Background Deaths from prescription opioids now exceed those from street drugs or motor vehicle injuries in the US. Morbidity in has greatly increased as well. Rapid acceleration of opioid prescription for chronic non-cancer pain (CNCP) began in the mid-1990s with heavy marketing and support by opioid manufacturers. Some current recommendations advocate increased use of opioids despite a lack of quality evidence of long-term efficacy, considerable evidence of harms, and a tenuous understanding of CNCP.
Objectives To review the recommendation methodology used in cases of low quality evidence; to describe the process of recommendation development for opioid use for CNCP
Methods The American College of Occupational and Environmental Medicine updated its systematic reviews and clinical practice guideline for the use of opioids for CNCP using critical appraisal and explicit panel methods. Panels consider population and clinical risk and benefit.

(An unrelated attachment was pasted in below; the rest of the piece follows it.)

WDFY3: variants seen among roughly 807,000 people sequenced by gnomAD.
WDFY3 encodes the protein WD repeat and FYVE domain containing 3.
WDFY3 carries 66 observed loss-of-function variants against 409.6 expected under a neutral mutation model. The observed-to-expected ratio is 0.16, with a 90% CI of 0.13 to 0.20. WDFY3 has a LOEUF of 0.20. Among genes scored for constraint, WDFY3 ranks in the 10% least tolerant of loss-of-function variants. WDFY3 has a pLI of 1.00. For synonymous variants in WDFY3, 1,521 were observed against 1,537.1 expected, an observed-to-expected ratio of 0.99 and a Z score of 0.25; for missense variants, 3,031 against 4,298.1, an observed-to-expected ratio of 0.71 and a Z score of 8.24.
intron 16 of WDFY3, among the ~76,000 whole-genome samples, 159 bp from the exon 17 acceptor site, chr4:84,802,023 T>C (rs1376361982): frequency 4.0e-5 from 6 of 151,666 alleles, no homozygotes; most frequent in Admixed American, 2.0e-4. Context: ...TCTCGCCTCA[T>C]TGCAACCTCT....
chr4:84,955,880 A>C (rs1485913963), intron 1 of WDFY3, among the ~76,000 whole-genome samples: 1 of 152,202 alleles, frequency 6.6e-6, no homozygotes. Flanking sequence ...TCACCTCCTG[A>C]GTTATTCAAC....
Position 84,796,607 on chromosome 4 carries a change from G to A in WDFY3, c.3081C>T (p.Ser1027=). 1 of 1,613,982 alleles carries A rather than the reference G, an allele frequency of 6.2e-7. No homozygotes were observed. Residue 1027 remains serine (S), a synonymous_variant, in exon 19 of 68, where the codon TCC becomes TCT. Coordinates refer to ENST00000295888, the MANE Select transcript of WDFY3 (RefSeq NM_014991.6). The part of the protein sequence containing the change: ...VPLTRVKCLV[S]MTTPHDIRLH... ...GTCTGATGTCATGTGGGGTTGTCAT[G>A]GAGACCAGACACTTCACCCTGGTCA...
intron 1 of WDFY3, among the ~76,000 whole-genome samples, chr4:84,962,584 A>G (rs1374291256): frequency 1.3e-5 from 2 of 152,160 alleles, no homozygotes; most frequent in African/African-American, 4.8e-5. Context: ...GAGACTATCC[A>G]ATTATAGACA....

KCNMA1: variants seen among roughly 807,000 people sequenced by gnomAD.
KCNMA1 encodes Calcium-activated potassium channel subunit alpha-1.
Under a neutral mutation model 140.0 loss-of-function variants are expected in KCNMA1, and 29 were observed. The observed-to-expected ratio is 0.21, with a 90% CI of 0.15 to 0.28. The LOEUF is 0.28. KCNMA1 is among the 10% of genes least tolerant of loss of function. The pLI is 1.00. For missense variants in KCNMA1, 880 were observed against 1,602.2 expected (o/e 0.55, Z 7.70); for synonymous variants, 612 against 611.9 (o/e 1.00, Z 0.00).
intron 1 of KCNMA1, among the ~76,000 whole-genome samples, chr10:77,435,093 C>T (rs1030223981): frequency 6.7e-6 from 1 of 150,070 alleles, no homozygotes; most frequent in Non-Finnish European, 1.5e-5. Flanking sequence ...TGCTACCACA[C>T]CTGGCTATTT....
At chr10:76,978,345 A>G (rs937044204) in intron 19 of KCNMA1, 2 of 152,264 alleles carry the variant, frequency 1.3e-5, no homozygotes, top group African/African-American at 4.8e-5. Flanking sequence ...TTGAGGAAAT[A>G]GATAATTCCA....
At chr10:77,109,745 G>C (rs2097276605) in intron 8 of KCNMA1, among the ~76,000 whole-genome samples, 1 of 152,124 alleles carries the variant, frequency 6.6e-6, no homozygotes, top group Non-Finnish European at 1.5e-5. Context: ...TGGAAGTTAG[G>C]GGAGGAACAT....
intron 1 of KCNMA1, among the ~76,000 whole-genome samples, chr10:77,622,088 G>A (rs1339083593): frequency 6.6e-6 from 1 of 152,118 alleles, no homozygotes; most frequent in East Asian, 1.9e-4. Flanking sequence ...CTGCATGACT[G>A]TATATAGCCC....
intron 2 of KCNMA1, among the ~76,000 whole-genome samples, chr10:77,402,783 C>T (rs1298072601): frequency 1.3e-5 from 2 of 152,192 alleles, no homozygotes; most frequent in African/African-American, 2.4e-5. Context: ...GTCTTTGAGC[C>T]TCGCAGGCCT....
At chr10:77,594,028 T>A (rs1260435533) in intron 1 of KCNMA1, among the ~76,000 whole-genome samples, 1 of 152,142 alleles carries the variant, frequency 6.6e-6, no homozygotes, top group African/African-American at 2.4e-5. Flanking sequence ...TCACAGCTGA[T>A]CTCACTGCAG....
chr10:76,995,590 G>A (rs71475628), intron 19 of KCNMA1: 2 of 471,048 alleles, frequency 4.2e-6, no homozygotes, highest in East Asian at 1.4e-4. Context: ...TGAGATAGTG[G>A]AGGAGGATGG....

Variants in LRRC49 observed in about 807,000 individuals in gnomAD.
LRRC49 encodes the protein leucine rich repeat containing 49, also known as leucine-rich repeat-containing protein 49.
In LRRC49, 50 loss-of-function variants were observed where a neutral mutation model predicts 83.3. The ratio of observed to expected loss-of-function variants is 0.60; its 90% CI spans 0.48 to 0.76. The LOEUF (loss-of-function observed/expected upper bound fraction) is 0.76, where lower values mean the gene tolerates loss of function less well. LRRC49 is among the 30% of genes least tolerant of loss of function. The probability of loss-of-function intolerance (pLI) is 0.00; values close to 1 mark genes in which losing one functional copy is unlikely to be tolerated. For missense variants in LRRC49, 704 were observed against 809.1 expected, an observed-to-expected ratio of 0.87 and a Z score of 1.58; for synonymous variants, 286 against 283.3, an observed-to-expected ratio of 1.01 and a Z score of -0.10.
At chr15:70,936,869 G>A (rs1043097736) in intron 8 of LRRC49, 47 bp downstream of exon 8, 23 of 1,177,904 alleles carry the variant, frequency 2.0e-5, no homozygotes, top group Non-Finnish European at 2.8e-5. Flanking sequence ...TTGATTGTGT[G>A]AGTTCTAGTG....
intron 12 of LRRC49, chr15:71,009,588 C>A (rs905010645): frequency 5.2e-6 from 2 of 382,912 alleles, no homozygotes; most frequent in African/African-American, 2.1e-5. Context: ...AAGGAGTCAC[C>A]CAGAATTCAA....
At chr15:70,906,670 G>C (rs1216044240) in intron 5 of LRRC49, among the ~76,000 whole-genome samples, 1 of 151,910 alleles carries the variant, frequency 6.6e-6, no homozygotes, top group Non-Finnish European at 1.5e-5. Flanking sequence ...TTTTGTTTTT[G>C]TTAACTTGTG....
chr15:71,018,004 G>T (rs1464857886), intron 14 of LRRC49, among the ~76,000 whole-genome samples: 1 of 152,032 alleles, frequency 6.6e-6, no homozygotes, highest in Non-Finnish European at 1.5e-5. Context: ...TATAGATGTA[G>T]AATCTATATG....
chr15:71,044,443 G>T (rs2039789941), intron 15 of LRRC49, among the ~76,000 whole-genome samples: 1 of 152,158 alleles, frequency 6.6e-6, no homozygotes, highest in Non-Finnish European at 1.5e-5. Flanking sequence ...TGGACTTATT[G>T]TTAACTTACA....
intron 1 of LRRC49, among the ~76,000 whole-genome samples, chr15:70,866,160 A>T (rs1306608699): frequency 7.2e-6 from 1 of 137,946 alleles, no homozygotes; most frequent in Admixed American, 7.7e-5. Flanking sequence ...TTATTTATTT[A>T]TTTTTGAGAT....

Results Critical appraisal revealed low quality evidence. Most studies and many guideline panellists were funded by pharmaceutical companies. Harms were identified in observational studies.
Discussion Available guidelines tended to make vague recommendations that depended on clinician judgement. This panel therefore used methods to formulate recommendations that protect patients and the public, and a conservative and function-based approach to patient management.
Implications for Guideline Developers Guidelines for areas in which evidence is low quality and the benefit to risk relationship is unclear should exercise caution in making recommendations, provide patient information, and recommend informed consent and careful patient management.
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